Monday, October 11, 2021

2021 Summer Garden: The Final Count

 This weekend I pulled out most of the Summer Garden.  This is the last view:

As you might remember from here, here, and here, a big difference this year was the use of ollas, stoppered clay pots in the ground that act as a slow release watering system (again, hat tip to Leigh at Five Acres and A Dream for introducing them to me).  Other notes to be included this year is we had an exceptionally wet Spring and somewhat wet Summer (for us, anyway).

So how did it go?

1)  The ollas actually worked very well overall. I would say especially in the early part of the growing season, the ollas helped to sustain the seedlings in a way that just watering did not.

2) There were some issues I found in inconsistent plugging of the holes in the bottom.  Some went days without needed a refill, some went less than a day.  From what Leigh said, she and Dan seal the bottom with a thin layer of concrete.  That might make a lot of sense and is something I will have to fix.

3) A lot of what you see there is sweet potato vines.  I need to find a better way to trellis/manage these as doing a later planting was impossible for anything.

4)  While the ollas were useful as a sustaining water source, things really did do better with a 10-12 minute daily soaking.  As you can see from the picture above, I "engineered" a solution, but will need to think about something a little more elegant.

5)  Yield?  Six Tomatoes (I never have gotten that many tomatoes in 12 years of living here), three corn ears (again, a victory of sorts - although this was before I started daily watering.  I think I could have done better with it), a reasonably good yield of Black Eyed peas (and miserable yields of all other beans - I do not know why I bother anymore.  And the sweet potatoes below, of course:

Next year one thing I will need to change is to just go to warm weather vegetables all the way in.  Also, trellising and shading would delightful pluses.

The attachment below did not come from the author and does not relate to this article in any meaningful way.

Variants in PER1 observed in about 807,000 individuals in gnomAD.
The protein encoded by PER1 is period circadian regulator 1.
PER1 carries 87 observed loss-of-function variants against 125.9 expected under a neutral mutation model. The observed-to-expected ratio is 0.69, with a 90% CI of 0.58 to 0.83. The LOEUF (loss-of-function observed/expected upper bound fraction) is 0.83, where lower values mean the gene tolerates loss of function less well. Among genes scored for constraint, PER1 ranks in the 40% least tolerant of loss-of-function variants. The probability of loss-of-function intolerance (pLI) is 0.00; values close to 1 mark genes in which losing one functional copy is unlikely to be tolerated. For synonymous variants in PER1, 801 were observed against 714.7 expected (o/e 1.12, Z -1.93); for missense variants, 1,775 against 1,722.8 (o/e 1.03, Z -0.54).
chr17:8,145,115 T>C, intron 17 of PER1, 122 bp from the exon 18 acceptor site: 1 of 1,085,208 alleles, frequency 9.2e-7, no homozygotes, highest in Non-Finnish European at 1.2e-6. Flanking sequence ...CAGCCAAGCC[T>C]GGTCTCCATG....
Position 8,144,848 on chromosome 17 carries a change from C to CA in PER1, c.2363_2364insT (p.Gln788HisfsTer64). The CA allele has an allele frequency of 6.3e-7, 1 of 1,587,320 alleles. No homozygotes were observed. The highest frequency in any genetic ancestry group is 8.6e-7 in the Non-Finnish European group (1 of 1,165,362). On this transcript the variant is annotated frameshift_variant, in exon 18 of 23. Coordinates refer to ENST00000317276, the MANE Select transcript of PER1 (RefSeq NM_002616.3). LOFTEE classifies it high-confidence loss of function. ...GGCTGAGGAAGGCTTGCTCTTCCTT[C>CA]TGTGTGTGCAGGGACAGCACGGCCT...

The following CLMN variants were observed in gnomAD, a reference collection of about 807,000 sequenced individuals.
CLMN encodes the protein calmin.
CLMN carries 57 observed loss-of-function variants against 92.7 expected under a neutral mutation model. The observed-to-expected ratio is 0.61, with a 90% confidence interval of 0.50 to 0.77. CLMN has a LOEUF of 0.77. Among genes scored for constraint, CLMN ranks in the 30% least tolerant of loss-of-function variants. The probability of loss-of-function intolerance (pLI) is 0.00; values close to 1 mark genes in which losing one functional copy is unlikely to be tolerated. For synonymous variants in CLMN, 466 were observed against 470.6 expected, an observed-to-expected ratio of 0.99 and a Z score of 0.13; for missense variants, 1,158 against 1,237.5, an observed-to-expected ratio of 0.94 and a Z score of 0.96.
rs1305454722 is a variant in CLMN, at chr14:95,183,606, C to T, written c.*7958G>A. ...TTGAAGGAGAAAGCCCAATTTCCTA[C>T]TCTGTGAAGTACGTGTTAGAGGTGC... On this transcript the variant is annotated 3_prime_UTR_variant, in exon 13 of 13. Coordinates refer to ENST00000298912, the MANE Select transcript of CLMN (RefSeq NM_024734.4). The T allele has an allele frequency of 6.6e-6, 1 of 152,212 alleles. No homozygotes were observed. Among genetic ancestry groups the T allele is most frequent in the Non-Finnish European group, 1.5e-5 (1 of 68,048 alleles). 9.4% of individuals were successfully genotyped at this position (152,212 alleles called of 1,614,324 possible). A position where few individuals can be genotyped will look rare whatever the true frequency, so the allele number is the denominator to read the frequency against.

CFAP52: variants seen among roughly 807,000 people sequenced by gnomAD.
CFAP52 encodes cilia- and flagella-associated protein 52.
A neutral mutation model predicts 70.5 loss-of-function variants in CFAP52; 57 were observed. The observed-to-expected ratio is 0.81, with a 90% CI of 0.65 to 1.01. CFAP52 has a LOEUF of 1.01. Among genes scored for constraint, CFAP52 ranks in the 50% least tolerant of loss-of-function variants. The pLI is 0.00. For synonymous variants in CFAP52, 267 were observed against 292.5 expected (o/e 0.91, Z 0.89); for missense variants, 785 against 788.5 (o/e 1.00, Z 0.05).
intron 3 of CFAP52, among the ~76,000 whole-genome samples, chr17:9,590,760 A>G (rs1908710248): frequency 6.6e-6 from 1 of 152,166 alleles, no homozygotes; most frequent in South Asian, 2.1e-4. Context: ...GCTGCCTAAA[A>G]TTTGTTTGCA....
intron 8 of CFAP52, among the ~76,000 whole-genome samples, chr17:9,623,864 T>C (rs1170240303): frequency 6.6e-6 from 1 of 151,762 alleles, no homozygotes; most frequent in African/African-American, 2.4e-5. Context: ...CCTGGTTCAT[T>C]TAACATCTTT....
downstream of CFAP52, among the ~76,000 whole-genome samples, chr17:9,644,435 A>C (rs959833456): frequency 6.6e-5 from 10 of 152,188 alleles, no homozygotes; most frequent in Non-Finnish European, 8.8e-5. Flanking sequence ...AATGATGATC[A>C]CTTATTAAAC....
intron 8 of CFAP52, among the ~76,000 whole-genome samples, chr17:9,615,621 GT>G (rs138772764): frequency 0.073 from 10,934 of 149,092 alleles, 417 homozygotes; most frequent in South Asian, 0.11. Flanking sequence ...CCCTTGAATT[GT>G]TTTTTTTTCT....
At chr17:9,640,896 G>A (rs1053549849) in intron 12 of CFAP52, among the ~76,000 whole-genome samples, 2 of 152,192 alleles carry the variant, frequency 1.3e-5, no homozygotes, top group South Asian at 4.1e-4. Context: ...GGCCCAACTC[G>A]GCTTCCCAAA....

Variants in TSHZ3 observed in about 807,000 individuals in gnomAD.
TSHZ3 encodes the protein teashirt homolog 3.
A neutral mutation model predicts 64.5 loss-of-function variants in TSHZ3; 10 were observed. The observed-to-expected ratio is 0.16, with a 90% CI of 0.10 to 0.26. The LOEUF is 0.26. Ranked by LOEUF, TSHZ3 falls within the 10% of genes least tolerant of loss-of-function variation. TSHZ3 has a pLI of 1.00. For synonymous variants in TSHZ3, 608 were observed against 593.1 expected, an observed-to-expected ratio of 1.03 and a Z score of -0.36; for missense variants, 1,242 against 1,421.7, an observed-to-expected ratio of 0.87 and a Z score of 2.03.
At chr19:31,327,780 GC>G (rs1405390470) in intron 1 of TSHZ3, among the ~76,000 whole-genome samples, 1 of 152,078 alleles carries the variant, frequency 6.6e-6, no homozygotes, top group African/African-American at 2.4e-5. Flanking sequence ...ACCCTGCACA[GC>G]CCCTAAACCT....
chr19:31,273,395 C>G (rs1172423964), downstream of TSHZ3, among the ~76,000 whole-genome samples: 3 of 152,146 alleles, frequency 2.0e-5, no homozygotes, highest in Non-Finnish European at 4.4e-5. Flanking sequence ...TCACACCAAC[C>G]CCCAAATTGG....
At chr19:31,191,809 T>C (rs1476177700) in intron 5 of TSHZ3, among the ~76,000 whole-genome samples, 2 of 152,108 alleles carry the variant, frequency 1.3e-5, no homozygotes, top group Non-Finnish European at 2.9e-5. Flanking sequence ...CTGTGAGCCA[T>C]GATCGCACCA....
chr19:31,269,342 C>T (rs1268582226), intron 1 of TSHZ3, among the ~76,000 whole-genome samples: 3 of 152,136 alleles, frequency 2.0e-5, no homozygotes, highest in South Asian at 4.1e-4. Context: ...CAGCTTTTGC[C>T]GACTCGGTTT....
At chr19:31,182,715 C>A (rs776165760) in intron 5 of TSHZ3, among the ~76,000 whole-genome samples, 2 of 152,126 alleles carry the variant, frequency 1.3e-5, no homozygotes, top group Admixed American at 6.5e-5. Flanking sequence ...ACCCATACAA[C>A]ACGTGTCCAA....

One of the reasons the garden was pulled out this weekend was a suggestion by Leigh to back calculate 10 hours of sun to determine planting.  Although we do get a lot of sun here all year, this was the most reasonable time.  So I will start replanting this week for Autumn.

Overall I was quite pleased with this Summer's outcome.  This is in a lot of ways the most successful garden I have grown.  I think with some tweaks I can do even better.


  1. The vines kept your soil protected. Did you weed any less with them?
    You could try planting them in containers.
    Vardman is a type with short vines.

    Congratulations on your harvest! It is definitely a success. :-)

    Be safe and God bless.

    1. Linda, great point. On the whole I did weed a lot less.

      My containers were less than successful, as they are every year. Soil just seems to work better.

      And thanks for the congratulations! My sweet potato skills, anyway, seem to get better every year.

  2. I think Blogger ate my comment. I think I said something along the lines of we don't have a fall season for planting most years so we just transition to dormancy. Thus our sweet potatoes, which we planted for the first time this year, are still in the ground for now. They are making it to my short list of things to do though before snow flies.

    1. Ed, one of the different things around here is that we get 10 hours of sun (in theory) all year so one could almost have a year round garden. I have had pepper plants until December.

      The bad part, of course, is that one can leave nothing in the ground. It generally does not get cold enough and will rot.


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